A REPL (read-evaluate-print loop) is an integral part of dynamic programming languages such as Lisp or Python. It's a great tool because you can experiment with language and library features without having to write complete programs. If all goes according to plan, Java 9 will have its own REPL. In this blog, I show you how to build the pre-release version and play with it.
One of the joys of programming with a dynamic language such as Lisp or Python is the instant feedback you get from the interpreter. You try out a thing or two, something starts working, you move on to the next issue, and before you know it, your task is done. Technically, the program that reads and evaluates the language statements is called a REPL, for “read-evaluate-print loop”.
And it's not just dynamic languages. Scala is statically typed, and it comes with a REPL. Behind the scenes, the statements that you enter are compiled and executed.
(As a potentially entertaining aside, make a Google image search for REPL. Perhaps because I am on sabbatical in Switzerland, I get an ad for “Hypower Musli capsules”.)
Why can't we get a REPL with Java? Good question. There are some ways of coming close. Way back when, BeanShell was a plausible solution, but it never caught up to Java 5. Some educational environments, such as BlueJ and Doctor Javahave perfectly reasonable facilities for interactively evaluating Java code. But somehow, even people who use and love these environments don't seem to use that feature a lot.
So, after more than twenty years, Java is finally going to do it right in Java 9. For now, you still have to build the REPL by hand—it's not yet in the binary distribution. But it's not hard to do.
These instructions should get you going on Mac OS X. But if you use Linux, your life is even simpler. (I haven't found any instructions for Windows, and in general, the Windows build process for the JDK seems fiddly. If you run Windows and want to check this out, just use a Linux VM.) Here goes:
hg clone http://hg.openjdk.java.net/kulla/dev jshell cd jshell wget http://repo1.maven.org/maven2/jline/jline/2.12/jline-2.12.jar sh get_source.sh export JAVA_HOME=~/jdk1.9.0 export PATH=$JAVA_HOME/bin:$PATH export JLINE2LIB=~/jshell/jline-2.12.jar cd langtools/repl sh scripts/compile.sh
export JAVA_HOME=~/jdk1.9.0/ export PATH=$JAVA_HOME/bin:$PATH export JLINE2LIB=~/jshell/jline-2.12.jar cd ~/jshell/langtools/repl sh scripts/run.sh
Now you are ready to roll. Let's say you want to run some experiments with streams. First import some packages.
import java.util.stream.*; import java.nio.file.*;
Let's read all words from
/usr/share/dict/words into a stream:
-> Files.lines(Paths.get("/usr/share/dict/words")) | Expression value is: java.util.stream.ReferencePipeline$Head@6108b2d7 | assigned to temporary variable $1 of type java.util.stream.Stream<String>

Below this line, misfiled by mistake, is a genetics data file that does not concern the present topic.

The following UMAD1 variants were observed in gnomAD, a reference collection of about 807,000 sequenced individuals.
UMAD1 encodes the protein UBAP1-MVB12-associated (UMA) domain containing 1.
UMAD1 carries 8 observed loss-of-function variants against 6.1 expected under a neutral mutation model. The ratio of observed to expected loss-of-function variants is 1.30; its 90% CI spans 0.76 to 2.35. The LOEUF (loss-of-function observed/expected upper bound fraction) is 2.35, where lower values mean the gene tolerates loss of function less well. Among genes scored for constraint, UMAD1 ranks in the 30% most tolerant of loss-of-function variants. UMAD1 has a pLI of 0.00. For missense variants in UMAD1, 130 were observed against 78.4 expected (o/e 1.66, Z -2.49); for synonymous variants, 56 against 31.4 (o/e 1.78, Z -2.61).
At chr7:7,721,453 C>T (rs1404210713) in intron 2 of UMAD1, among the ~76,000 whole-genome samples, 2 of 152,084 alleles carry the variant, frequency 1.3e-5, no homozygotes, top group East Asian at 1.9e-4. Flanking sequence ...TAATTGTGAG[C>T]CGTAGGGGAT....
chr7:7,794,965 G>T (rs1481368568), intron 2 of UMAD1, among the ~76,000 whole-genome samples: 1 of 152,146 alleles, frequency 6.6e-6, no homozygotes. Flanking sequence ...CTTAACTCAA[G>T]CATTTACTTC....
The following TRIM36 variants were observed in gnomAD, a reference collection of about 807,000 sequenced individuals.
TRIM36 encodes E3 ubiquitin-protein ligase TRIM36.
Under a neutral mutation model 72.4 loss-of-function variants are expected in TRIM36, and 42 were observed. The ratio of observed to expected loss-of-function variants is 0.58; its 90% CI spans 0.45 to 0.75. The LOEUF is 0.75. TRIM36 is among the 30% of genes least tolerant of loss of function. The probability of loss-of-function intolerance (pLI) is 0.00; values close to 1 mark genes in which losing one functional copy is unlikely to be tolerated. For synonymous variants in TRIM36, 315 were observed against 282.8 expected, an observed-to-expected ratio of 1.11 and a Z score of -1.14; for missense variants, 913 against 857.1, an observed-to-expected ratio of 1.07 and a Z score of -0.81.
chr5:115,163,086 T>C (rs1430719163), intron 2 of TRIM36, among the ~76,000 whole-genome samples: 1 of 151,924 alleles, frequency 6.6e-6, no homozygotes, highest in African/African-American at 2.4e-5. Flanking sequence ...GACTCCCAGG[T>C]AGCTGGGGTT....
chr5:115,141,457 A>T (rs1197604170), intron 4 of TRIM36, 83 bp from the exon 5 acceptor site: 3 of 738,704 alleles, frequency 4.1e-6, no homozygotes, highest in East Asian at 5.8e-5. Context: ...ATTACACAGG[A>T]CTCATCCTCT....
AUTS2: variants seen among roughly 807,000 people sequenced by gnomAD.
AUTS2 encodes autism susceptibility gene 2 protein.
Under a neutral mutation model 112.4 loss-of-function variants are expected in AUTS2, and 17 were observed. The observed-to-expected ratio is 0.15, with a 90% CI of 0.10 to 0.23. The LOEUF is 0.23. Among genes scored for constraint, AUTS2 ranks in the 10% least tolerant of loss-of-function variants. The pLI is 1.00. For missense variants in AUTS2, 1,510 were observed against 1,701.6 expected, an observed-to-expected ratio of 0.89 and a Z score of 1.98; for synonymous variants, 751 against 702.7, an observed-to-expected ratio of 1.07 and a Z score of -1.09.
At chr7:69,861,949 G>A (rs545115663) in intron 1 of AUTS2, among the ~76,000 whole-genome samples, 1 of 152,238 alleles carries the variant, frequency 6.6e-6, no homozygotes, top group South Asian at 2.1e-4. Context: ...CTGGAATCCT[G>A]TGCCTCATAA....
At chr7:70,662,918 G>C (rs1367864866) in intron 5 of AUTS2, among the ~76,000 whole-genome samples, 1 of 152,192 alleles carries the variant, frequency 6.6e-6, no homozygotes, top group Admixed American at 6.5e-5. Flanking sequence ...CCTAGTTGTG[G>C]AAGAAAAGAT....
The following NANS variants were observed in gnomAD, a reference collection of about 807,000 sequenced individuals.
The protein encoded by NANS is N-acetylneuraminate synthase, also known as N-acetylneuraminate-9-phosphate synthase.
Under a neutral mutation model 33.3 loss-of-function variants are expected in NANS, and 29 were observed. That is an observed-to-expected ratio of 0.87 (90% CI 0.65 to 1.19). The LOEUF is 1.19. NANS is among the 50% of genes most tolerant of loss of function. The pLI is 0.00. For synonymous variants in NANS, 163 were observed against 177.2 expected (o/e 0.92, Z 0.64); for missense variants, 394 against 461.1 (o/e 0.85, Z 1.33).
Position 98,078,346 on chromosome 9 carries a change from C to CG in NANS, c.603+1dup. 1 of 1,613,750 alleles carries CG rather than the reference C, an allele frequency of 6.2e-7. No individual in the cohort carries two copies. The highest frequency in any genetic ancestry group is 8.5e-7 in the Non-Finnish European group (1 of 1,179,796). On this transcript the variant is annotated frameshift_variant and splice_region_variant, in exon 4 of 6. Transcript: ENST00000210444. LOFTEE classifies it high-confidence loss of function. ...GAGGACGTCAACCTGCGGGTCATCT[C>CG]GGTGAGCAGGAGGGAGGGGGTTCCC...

As you can see, this is a rather verbose REPL, but maybe that's not a bad thing for users who aren't accustomed to one.
You can now work with the temporary variable
$1 and process it further:
$1.filter(w -> w.length() > 20) | Expression value is: java.util.stream.ReferencePipeline$2@180bc464 | assigned to temporary variable $2 of type Stream<String>
Why not make an explicit variable? You can, but then you have to know its type:
Stream<String> res = Files.lines(Paths.get("/usr/share/dict/words"))
In a dynamically typed language, where variables don't have types, this issue doesn't arise. And in Scala, types are inferred for variables, so you don't have to worry about declaring their types either. But in the Java REPL, you are likely to use the $n variables a lot.
So, to complete our example, you might type
Then you can hit the TAB key, and you get autocompletion suggestions:
Collection Collections Collector Collectors
When you complete to
Collectors.to, you get more suggestions:
toCollection( toConcurrentMap( toList() toMap( toSet()
) to get
$2.collect(Collectors.toList()) | Expression value is: [Andrianampoinimerina's, counterintelligence's, counterrevolutionaries, counterrevolutionary's, electroencephalogram's, electroencephalograms, electroencephalograph, electroencephalograph's, electroencephalographs] | assigned to temporary variable $3 of type List<String>
Now we can be bolder and try it all at once, this time yielding an array:
Files.lines(Paths.get("/usr/share/dict/words")).filter(w -> w.length() > 20).toArray() | Expression value is: [Ljava.lang.Object;@153f5a29 | assigned to temporary variable $4 of type Object
Ok, that's interesting—we get the Java weirdness that arrays inherit a useless
toString method. It's easy enough to recover:
Arrays.toString($4) | Expression value is: "[Andrianampoinimerina's, counterintelligence's, counterrevolutionaries, counterrevolutionary's, electroencephalogram's, electroencephalograms, electroencephalograph, electroencephalograph's, electroencephalographs]" | assigned to temporary variable $5 of type String
Maybe they could relent and print arrays for us.
Also. it's a bit of a pain that one needs to pay close attention to the numbers with the temporary variables. Maybe
$0 could refer to the last result?
Overall, the REPL is quite nice, but with a bit of polish, it could be even nicer. These are early days, so there is hope.
(As an aside, try a Google image search for hope.)
Check it out and let them know what you think! There is some documentation here, and the mailing list is here.